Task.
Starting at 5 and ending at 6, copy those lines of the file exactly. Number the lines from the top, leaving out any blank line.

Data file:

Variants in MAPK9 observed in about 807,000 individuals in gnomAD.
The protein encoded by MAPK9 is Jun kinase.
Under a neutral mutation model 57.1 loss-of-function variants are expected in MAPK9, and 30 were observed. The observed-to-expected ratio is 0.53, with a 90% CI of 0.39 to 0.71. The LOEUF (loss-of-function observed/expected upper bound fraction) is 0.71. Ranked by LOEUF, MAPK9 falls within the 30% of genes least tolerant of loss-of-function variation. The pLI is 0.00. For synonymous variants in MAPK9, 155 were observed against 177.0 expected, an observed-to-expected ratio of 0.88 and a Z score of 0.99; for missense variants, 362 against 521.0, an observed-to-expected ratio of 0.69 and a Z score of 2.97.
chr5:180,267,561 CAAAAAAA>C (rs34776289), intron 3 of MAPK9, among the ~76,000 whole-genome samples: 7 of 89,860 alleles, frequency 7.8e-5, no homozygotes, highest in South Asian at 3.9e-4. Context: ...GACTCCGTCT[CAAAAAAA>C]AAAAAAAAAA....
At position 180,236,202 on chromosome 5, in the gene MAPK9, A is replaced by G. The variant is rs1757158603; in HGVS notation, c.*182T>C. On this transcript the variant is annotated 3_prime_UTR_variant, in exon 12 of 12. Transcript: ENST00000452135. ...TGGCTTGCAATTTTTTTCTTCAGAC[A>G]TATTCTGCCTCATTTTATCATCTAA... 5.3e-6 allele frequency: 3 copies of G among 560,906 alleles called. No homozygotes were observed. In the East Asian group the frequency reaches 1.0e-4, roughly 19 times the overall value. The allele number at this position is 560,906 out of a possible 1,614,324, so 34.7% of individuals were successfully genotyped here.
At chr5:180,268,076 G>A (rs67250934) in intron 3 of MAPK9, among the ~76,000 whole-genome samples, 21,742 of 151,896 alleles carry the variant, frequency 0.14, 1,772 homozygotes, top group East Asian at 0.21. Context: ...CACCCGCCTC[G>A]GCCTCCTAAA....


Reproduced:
At position 180,236,202 on chromosome 5, in the gene MAPK9, A is replaced by G. The variant is rs1757158603; in HGVS notation, c.*182T>C. On this transcript the variant is annotated 3_prime_UTR_variant, in exon 12 of 12. Transcript: ENST00000452135. ...TGGCTTGCAATTTTTTTCTTCAGAC[A>G]TATTCTGCCTCATTTTATCATCTAA... 5.3e-6 allele frequency: 3 copies of G among 560,906 alleles called. No homozygotes were observed. In the East Asian group the frequency reaches 1.0e-4, roughly 19 times the overall value. The allele number at this position is 560,906 out of a possible 1,614,324, so 34.7% of individuals were successfully genotyped here.
At chr5:180,268,076 G>A (rs67250934) in intron 3 of MAPK9, among the ~76,000 whole-genome samples, 21,742 of 151,896 alleles carry the variant, frequency 0.14, 1,772 homozygotes, top group East Asian at 0.21. Context: ...CACCCGCCTC[G>A]GCCTCCTAAA....